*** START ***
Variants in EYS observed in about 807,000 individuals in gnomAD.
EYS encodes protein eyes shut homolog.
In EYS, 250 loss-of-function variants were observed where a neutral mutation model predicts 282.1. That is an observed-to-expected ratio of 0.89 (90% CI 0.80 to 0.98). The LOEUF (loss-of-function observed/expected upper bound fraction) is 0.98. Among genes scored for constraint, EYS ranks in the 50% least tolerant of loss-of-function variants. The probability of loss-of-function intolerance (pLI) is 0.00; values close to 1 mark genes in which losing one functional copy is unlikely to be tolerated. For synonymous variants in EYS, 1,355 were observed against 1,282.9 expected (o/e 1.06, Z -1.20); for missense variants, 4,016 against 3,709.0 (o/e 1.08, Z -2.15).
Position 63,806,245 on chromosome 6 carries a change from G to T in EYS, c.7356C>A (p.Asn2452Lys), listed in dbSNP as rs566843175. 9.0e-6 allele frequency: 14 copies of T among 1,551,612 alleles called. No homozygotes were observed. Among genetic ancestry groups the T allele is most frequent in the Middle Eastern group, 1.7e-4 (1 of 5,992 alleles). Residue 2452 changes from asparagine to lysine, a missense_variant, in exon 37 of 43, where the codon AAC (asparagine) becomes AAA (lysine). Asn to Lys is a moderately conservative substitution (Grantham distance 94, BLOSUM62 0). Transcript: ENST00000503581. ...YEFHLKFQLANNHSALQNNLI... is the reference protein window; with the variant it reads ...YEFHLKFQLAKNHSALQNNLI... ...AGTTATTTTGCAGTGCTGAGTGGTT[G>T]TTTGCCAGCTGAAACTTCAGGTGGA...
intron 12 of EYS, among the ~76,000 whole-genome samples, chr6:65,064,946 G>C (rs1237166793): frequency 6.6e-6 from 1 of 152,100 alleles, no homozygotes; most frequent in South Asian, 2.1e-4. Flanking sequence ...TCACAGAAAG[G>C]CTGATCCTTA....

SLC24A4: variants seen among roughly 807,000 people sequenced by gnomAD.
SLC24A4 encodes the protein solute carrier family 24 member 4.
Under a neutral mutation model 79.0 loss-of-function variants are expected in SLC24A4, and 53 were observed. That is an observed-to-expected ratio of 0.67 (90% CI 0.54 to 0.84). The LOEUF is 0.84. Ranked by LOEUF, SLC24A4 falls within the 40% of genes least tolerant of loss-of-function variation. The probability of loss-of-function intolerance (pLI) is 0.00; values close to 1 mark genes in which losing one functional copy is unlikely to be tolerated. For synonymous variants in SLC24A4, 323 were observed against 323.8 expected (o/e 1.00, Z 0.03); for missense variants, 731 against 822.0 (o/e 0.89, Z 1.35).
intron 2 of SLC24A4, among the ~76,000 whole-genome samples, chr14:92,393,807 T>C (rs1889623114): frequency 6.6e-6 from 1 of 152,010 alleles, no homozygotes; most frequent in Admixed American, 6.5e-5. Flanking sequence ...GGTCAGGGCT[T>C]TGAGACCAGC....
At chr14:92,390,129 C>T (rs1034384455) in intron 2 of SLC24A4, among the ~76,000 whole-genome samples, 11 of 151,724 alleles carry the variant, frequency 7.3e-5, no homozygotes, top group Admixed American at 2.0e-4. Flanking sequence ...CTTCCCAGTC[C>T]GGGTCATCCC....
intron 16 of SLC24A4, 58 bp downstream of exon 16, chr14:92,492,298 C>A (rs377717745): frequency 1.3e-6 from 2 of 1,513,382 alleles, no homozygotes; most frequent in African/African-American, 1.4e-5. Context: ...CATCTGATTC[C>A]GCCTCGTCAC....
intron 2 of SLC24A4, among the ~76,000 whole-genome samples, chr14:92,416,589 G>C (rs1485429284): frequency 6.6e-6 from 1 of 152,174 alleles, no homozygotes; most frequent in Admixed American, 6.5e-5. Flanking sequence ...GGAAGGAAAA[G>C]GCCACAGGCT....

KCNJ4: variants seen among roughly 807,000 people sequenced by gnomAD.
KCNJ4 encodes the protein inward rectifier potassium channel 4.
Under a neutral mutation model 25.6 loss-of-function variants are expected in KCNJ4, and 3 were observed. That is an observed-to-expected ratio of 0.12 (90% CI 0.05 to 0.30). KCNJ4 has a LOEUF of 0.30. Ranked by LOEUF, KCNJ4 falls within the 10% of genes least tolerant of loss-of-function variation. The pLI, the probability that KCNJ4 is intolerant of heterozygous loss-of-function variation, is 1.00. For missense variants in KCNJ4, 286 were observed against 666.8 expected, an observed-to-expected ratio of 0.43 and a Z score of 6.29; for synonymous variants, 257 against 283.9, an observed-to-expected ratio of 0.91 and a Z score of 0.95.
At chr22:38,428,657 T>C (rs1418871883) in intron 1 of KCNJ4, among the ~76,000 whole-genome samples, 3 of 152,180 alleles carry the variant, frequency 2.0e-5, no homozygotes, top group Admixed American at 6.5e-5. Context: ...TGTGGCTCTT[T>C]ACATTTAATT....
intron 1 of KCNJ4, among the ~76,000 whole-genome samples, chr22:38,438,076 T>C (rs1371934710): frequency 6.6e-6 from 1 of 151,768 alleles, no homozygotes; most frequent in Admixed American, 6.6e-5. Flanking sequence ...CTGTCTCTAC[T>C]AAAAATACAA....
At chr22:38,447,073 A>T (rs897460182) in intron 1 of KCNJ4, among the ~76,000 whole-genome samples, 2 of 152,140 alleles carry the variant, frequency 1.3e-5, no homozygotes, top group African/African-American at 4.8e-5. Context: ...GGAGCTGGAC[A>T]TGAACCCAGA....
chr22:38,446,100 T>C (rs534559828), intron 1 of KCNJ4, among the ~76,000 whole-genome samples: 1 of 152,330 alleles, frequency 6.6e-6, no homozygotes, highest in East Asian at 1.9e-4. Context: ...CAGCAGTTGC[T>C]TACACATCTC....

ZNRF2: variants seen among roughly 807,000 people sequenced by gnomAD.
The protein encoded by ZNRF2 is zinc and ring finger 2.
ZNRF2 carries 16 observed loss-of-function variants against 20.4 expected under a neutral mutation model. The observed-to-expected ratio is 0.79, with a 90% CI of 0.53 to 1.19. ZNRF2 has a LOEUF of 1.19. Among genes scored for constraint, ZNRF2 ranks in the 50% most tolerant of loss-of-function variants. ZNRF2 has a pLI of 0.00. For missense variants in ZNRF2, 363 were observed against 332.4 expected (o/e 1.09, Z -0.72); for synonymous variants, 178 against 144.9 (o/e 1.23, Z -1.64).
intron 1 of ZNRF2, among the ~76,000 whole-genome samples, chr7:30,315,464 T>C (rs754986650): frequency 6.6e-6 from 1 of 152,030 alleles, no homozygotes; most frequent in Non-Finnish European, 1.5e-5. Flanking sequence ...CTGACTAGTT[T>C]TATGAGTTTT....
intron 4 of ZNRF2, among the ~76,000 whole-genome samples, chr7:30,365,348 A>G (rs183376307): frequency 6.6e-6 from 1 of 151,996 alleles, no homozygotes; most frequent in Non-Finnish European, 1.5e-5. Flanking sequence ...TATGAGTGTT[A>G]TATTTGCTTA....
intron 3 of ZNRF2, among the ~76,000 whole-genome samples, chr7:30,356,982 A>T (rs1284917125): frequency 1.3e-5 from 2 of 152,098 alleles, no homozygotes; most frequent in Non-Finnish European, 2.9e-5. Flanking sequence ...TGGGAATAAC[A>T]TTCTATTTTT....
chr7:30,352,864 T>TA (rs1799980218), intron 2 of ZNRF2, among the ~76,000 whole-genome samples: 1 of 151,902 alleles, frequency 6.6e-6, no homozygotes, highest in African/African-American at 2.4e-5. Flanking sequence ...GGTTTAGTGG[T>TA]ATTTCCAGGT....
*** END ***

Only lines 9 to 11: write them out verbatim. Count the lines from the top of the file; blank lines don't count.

intron 2 of SLC24A4, among the ~76,000 whole-genome samples, chr14:92,393,807 T>C (rs1889623114): frequency 6.6e-6 from 1 of 152,010 alleles, no homozygotes; most frequent in Admixed American, 6.5e-5. Flanking sequence ...GGTCAGGGCT[T>C]TGAGACCAGC....
At chr14:92,390,129 C>T (rs1034384455) in intron 2 of SLC24A4, among the ~76,000 whole-genome samples, 11 of 151,724 alleles carry the variant, frequency 7.3e-5, no homozygotes, top group Admixed American at 2.0e-4. Flanking sequence ...CTTCCCAGTC[C>T]GGGTCATCCC....
intron 16 of SLC24A4, 58 bp downstream of exon 16, chr14:92,492,298 C>A (rs377717745): frequency 1.3e-6 from 2 of 1,513,382 alleles, no homozygotes; most frequent in African/African-American, 1.4e-5. Context: ...CATCTGATTC[C>A]GCCTCGTCAC....